Screaming Targets not only delivered the hits, it was rapturously received by Australian press. Mushroom highlighted the reviews, which undoubtedly help drive sales, with a neat series of ad’s spread out through the September issue of Roadrunner:
The success of Screaming Targets in Australia, and the cutting edge new wave directions it reflected, combined with the old school R&B firepower the band maintained live, helped the Falcons seem a reasonably safe bet for record companies internationally too. Before they knew it, the group had themselves a deal with Columbia in the US and Warner in the UK & Europe and Japan. The band would soon be playing the prestigious Montreux Jazz Festival in France – no doubt jazz freak Camilleri was pinching himself – and the Bottom Line in New York. The international release of the album ditched “You Made A Fool Out Of Me” in favour of a new and less reggae-inflected recording of “So Young”, a song which was around the same time being recorded by Elvis Costello & The Attractions for possible inclusion on their soul-infused Get Happy album.
Alas, their stab at international success amounted to little. Indeed their failure to continue the momentum they locally once they hit overseas markets seemed to sap the strength of the band, whose next album, Hats Off Step Lively, found Camilleri wanting to start moving in new directions, as evidenced by the very poppy (very Costello-esque actually) “All I Wanna Do”. But that’s another story...
Just before the release of Screaming Targets, the band’s old label EMI threw a spanner in the works with the release of an unauthorised live album from the Falcons. Aimed either to cash in on the band’s assumed pending success or to fool their fans into buying the wrong record, Let’s Drip Awhile was taken from the same live show at Martini’s in Carlton that had been utilised for the previously released Live!!! Loud & Clear EP. Shoddily packaged, the LP pissed off the band no end and was universally slagged by their friends and fans in the media. Let’s Drip Awhile stands however in the cold light of day as a remarkable document of a great live band firing on all cylinders.
To combat the EMI live album, Mushroom came up with the idea of a bonus live album to come with the initial pressing of Screaming Targets. It featured a great version of old Otis Redding song “Security”, which they’d originally recorded for their first album, a fine version of “So Young”, a stomping “Mona” that showed off their Rolling Stones roots, a growling cover of “Not A Woman, Not A Child”, taken from Dave Edmunds’ latest Trax On Wax 4 LP ( and which had become a feature piece for singing bass player John Power), and a side-long version of Joe’s show-stopping sax instrumental “The Cthulhu”. The limited nature of the bonus record ensured the band’s fans were quick to buy, giving the album a strong early chart run.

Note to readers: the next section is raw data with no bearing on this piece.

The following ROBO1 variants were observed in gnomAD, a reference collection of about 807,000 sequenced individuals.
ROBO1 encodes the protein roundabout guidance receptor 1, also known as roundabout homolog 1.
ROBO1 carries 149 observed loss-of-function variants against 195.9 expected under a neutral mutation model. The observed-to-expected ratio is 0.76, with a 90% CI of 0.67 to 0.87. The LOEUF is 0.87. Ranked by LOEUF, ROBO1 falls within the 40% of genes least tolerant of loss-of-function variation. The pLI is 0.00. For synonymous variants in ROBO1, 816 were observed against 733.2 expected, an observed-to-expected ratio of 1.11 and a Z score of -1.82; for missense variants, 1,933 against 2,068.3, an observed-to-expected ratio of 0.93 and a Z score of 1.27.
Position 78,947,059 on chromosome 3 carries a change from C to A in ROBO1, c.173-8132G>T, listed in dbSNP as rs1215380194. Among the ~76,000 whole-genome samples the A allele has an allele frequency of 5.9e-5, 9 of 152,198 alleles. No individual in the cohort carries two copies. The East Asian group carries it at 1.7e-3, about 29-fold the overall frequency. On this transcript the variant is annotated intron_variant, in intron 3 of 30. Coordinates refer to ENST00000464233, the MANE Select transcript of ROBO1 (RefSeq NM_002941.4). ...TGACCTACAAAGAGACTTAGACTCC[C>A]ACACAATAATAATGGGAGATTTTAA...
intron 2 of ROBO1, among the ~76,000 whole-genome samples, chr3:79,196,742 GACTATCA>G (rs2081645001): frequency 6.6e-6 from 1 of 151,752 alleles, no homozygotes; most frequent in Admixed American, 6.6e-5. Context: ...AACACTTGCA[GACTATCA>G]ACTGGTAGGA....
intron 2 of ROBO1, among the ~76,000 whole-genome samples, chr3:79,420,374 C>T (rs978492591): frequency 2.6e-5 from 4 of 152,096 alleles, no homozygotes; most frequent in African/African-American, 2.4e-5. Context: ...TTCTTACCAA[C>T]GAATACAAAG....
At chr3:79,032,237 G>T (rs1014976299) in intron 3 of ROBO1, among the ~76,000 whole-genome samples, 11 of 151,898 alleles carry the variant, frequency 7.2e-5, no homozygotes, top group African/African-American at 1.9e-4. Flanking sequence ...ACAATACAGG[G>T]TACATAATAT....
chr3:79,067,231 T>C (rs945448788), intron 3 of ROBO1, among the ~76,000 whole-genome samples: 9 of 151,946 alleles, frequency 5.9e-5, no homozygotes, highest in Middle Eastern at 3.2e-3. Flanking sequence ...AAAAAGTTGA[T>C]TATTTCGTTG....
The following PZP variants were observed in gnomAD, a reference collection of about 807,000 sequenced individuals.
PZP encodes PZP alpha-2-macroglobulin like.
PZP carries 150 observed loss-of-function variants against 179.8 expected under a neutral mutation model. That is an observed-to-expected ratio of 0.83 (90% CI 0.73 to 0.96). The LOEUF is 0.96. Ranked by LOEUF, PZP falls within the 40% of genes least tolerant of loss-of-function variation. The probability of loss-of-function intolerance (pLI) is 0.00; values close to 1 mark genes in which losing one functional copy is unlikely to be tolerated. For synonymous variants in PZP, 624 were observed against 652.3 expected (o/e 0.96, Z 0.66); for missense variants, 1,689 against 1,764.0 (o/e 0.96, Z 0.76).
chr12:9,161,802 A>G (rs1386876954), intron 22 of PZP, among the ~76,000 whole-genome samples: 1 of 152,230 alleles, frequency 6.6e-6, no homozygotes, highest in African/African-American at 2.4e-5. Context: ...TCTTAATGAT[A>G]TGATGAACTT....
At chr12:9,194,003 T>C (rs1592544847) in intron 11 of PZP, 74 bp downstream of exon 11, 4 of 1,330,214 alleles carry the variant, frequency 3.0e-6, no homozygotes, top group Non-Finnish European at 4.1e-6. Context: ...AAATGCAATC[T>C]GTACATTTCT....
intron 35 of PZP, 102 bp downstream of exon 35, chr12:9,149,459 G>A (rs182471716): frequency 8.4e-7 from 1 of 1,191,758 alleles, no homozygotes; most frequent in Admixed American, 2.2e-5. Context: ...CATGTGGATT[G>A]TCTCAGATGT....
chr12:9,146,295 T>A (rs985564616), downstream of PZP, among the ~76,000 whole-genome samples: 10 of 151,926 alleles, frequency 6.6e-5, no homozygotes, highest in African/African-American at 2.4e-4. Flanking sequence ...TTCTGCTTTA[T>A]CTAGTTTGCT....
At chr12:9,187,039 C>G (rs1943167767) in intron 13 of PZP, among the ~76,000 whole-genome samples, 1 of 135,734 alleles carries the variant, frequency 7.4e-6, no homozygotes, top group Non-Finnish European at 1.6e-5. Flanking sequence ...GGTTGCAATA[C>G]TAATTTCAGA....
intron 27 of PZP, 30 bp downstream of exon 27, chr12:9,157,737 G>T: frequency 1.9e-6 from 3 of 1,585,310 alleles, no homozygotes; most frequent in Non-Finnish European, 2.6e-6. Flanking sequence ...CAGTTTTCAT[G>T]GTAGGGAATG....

Festival/Warner’s 2014 Expanded Edition of Screaming Targets is an essential purchase for any Jo Jo Zep & The Falcons who have yet to get it. A 2CD set, it includes the original album, the live bonus album, the re-recorded “So Young”, a great dub version of “Shape I’m In”, and a rare Camilleri track, all on the first disc. The second disc adds another 80 minutes of excitement. Combining a mix of demos and live tracks from throughout the band’s career, it is highlighted by several tracks from a La Trobe University show that followed Screaming Target’s release. These are perhaps the ultimate Falcons’ recordings, and include an absolutely storming version of the band’s much-loved cover of Scottish singer Frankie Miller’s “Ain’t Got No Money”, which has to be about the hardest driving and most intensely joyous six and a half minutes of rockin’ rhythm & blues ever recorded in Australia.
The entire Expanded Edition of Screaming Targets can be streamed on Spotify here.
And on Apple Music here.